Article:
Instead of professionals telling families how they should run their lives and setting up programs for them, the families began to control their own destinies. As agency activists now put it rather than planning a program for the families, they now plan a program of aid with the families.
The data used in the report to analyze the situation in Carbon County shows that the program has been successful. Surveys and statistics indicate that since the inception of the Frontier Project affected children attended school more regularly, suspensions, expulsions and detentions were down, youth behavior problems overall decreased, negative effects on families decreased and social support increased.
"Basically the data shows that these kids are more successful because of the way things have been done since the inception of the program," states Robinson. "We have been able to develop resources for the families including support groups, family advocacy, clinical consultations and even child psychiatry where needed."
A large contributing factor in the success of the Frontier Project has been the use of creative innovation called the Wrap Around Plan. The plan uses all the supports a child has to envelop him or her in a supportive atmosphere. It includes professionals, friends, religious leaders, relatives and others if needed.
"We begin with that and then as the child and the family progresses, we slowly back out the professionals and then the natural supports are left," explains Robinson.
Layne Miller said that as the lead advocate for the program in this area he often finds that people are often shocked by the way the program is run, because they are so used to being led down the trail by others instead of planning it themselves with the help of professionals.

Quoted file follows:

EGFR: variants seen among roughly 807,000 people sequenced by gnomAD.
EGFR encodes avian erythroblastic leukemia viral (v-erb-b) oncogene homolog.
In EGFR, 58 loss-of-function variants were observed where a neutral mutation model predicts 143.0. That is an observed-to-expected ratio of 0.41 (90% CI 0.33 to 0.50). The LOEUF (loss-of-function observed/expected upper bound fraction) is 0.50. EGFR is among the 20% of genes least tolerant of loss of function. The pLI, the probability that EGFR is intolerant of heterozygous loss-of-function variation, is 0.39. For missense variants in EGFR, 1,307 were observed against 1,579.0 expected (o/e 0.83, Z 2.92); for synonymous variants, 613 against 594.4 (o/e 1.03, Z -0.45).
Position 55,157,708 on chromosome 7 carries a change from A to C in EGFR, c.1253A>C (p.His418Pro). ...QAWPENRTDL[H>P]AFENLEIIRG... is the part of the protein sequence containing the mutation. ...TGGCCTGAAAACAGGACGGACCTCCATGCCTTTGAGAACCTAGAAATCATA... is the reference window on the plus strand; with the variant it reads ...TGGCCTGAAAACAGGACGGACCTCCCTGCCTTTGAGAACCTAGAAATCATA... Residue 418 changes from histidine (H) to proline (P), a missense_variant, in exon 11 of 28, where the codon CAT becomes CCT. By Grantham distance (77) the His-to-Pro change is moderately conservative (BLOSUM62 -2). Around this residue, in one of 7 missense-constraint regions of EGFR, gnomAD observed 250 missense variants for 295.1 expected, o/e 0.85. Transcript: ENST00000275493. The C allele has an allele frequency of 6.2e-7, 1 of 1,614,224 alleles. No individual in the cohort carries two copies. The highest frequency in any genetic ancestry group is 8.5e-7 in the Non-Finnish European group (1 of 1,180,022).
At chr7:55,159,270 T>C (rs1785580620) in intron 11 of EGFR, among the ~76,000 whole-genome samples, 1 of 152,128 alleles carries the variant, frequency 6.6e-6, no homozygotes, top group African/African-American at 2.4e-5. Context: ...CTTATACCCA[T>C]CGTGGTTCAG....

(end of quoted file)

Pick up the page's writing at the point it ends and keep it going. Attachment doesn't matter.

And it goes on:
"We begin by having the family list its strengths, where it can help itself," stated Miller during a program review last year. "Often that takes quite some time. People are not used to doing that. Eventually they find that they are the ones driving the train here, not the professionals. We are trying to get away from the model of experts knowing what is best for the individuals involved. It is family decision based."
The Frontier Project's grant will run out the end of September. Robinson said that with the start she hopes that the agencies they have assisted will continue to work together.
"I think the best sign that this has worked for families is that people who heard about the program by word of mouth from others have been contacting us for help," said Robinson.
The meeting last week was held at the College of Eastern Utah and the program not only included professionals who have worked with the effort, but also parents and kids who have lived through it. Many of them related success stories of the program to the audience. Most are still not completely out of the woods with their problems but huge strides have been made.
"I have a foster son who has had a rough slant in life," Amy Hill from Emery County told the group during one of the segments of the program. "He sometimes doesn't know why he does the things he does but he wants to improve himself. The Frontier Project did not ever forget us. The family advocates were always there."
What the future for the program is no one knows for sure other than that the money runs out soon. Some hope that the agencies the project has been working with will eventually contract with them to keep it running.
But regardless of what happens the program has proved what can be done when all the interested parties in a problem work together to achieve a positive outcome.